Report on Investigation — The Lobbying Activities of Michael McSweeney (Page 8 of 8)

Conclusions

Allegation regarding a breach of the Lobbyists' Code of Conduct

I have taken both the report of the Investigations Directorate and the representations of Mr. McSweeney into consideration in reaching my conclusions. I have concluded that Mr. McSweeney participated in the fundraising event for the Halton Conservative Association (HCA) held on September 24, 2009. He was not one of the principal organizers, but his role in selling tickets and acting as a contact person was nonetheless an important organizational role. His actions advanced the interests of the Halton Conservative Association in raising funds to ensure adequate financial resources to contest the next election. The funds raised were not the property of Minister Raitt, nor were they to be used to directly provide a financial benefit to the sitting Member of Parliament and presumptive candidate in the next election. However, at the time of the fundraiser, the funds raised were intended to be used by the HCA to the benefit of Minister Raitt in her re-election. This, in my opinion, advances the private interest of Minister Raitt, who remains the presumptive candidate at the time of the writing of this report.

During the same period of time, Mr. McSweeney was registered to lobby on behalf of the Cement Association of Canada in respect of subjects that fell within the Minister Raitt's responsibilities, as a Minister and as a member of Cabinet Committees. Mr. McSweeney communicated with the Minister directly in respect of subject matters for which he registered as a lobbyist. His direct communications with Minister Raitt were not extensive. Nonetheless, I would agree with the conclusion that Commissioner Dawson reached when looking at Minister Raitt's circumstances in relation to the fundraiser: should a situation arise where Minister Raitt may be required to make an official decision involving the Cement Association of Canada, she could be subject to allegations of preferential treatment because of the help that Mr. McSweeney had provided for the fundraiser. In that respect, the actions of Mr. McSweeney have created a reasonable apprehension that the Minister has been placed into a situation of an apparent conflict of interest. This is the situation that Rule 8 is meant to address.

It is my wish that the circumstances outlined in this report will provide additional guidance for lobbyists who wish to engage in political activities and lobbying activities in the future. I take the view, however, that the "general deterrence" of tabling in Parliament a Report on Investigation can also be effective if the Report recognizes the unusual aspects of the specific case. In fairness to Mr. McSweeney, I must say that, following the decision of the Federal Court of Appeal on March 12, 2009, lobbyists were placed in a position in which their obligations under Rule 8 of the Lobbyists' Code of Conduct had changed. Therefore, given the variety of different factual situations which could arise, it might have been difficult for them to determine the point at which their political activities may have implications for their lobbying activities. This includes the point at which they would risk placing a public office holder into a conflict of interest. Mr. McSweeney was clearly in such a situation.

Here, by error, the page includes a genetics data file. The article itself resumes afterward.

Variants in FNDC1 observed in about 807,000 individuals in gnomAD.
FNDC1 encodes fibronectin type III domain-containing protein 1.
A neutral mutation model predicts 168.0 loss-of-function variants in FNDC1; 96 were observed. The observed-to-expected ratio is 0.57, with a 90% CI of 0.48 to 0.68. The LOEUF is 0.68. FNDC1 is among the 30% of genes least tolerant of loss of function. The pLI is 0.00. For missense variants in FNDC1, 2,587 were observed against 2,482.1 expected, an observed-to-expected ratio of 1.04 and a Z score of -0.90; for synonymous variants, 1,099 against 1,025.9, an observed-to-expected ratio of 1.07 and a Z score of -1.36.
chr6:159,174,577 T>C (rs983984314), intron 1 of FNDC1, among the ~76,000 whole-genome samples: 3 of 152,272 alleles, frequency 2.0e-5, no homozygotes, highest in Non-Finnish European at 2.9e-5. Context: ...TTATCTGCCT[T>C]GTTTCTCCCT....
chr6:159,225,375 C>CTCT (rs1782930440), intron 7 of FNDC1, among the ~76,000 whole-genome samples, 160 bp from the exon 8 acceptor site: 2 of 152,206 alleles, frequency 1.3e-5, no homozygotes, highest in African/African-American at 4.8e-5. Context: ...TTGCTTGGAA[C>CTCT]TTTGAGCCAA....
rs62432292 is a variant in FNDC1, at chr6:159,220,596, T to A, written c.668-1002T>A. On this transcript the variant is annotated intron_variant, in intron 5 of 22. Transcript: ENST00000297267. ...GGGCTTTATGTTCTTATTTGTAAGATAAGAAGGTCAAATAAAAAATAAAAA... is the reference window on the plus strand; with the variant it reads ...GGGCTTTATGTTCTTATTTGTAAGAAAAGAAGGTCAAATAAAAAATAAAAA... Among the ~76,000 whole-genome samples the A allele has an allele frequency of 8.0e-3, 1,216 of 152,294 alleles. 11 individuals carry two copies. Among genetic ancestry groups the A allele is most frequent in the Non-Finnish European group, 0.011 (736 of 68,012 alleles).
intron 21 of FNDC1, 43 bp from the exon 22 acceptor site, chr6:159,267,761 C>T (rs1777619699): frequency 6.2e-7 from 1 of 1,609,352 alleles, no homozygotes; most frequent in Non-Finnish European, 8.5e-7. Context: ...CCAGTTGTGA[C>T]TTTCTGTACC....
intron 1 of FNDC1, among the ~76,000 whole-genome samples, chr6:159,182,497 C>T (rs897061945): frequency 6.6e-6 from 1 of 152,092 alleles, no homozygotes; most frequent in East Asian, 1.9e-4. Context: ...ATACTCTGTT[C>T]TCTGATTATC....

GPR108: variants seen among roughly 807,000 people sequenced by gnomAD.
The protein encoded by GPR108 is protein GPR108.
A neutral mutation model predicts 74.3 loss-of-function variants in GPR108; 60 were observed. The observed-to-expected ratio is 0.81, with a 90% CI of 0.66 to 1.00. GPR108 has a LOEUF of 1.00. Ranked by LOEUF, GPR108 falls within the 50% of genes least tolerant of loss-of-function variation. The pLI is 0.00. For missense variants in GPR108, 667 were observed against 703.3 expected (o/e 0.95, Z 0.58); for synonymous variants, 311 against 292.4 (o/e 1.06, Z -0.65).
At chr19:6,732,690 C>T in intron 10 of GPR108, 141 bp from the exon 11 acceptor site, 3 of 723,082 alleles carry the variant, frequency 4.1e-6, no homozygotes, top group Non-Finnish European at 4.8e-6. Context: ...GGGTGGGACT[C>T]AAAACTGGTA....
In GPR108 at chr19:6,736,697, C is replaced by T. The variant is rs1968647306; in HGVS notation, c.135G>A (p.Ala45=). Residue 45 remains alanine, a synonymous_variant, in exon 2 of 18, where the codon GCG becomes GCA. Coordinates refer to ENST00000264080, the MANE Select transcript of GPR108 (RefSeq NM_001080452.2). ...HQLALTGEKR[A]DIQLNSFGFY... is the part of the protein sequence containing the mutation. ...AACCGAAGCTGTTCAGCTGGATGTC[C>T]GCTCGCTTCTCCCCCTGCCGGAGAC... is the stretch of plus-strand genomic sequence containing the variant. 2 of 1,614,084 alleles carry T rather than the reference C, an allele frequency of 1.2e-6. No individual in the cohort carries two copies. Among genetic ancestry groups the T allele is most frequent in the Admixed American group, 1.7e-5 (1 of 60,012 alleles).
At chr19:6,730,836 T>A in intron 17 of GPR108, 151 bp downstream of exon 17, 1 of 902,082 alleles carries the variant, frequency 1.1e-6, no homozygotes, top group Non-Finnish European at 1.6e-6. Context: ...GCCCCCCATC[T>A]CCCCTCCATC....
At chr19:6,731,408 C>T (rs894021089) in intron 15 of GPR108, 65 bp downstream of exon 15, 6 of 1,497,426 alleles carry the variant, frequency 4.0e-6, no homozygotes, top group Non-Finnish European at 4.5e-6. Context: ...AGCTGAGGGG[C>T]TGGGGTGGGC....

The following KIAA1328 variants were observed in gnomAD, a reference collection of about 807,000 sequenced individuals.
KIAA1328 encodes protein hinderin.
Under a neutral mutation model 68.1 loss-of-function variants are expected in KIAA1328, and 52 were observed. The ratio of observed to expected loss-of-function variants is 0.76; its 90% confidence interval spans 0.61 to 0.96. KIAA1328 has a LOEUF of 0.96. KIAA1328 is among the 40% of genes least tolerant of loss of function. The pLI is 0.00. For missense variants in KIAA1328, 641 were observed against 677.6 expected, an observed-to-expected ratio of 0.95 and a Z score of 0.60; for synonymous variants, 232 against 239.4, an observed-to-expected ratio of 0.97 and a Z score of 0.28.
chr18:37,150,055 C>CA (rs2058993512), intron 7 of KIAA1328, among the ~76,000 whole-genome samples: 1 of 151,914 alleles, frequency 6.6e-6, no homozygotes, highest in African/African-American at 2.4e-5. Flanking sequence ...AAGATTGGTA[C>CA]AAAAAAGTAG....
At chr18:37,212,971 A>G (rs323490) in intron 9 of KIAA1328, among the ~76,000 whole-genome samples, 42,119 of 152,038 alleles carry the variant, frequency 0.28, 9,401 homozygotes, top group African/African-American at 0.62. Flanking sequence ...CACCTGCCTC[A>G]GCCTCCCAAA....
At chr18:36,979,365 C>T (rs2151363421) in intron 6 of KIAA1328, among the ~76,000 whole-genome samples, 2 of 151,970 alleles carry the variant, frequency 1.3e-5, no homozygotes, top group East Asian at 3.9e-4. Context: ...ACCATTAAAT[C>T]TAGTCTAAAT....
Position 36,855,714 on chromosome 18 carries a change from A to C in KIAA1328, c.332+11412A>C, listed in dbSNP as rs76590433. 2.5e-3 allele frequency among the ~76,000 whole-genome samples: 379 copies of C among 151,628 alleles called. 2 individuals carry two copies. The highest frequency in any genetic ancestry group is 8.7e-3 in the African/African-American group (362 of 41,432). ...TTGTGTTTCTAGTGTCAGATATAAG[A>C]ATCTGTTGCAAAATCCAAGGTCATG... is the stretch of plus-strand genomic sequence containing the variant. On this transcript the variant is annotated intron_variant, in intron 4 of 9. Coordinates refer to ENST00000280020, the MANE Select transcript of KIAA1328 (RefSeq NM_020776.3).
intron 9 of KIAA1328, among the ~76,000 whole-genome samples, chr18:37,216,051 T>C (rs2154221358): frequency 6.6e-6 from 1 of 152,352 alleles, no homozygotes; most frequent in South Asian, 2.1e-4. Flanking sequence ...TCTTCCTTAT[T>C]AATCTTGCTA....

I trust that this Report will provide assistance to lobbyists in reconciling their lobbying activities with political activities that they may be engaged in.

Allegation regarding a breach of the Lobbying Act

I noted earlier in this Report on Investigation, under the heading "Complaints Received", that an allegation had been made that Mr. McSweeney had contravened paragraph 5(1)(b) of the Lobbying Act, by failing to file a return in respect of his meetings with Minister Raitt within 10 days. This was alleged by Olivia Chow (MP, Trinity-Spadina) in her October 13, 2009 letter to me.

At the time, Mr. McSweeney was employed by the Cement Association of Canada, and was registered as an in-house (organization) lobbyist. He is also currently employed by the CAC and registered as an in-house (organization) lobbyist. As a result, he was and remains subject to the registration requirements set out in section 7 of the Act.

The Cement Association of Canada filed monthly communication returns in respect of meetings with Minister Raitt occurring March 3 and September 24, 2009, both within the time limit specified in subsection 7(4) of the Act.

Mr. McSweeney does not perform activities that necessitate registration as a consultant lobbyist, and he is not required to register the arrangement of a meeting between a public office holder and another person pursuant to paragraph 5(1)(b) of the Act.

In view of this, I have concluded that Mr. McSweeney was not in breach of paragraph 5(1)(b) of the Act.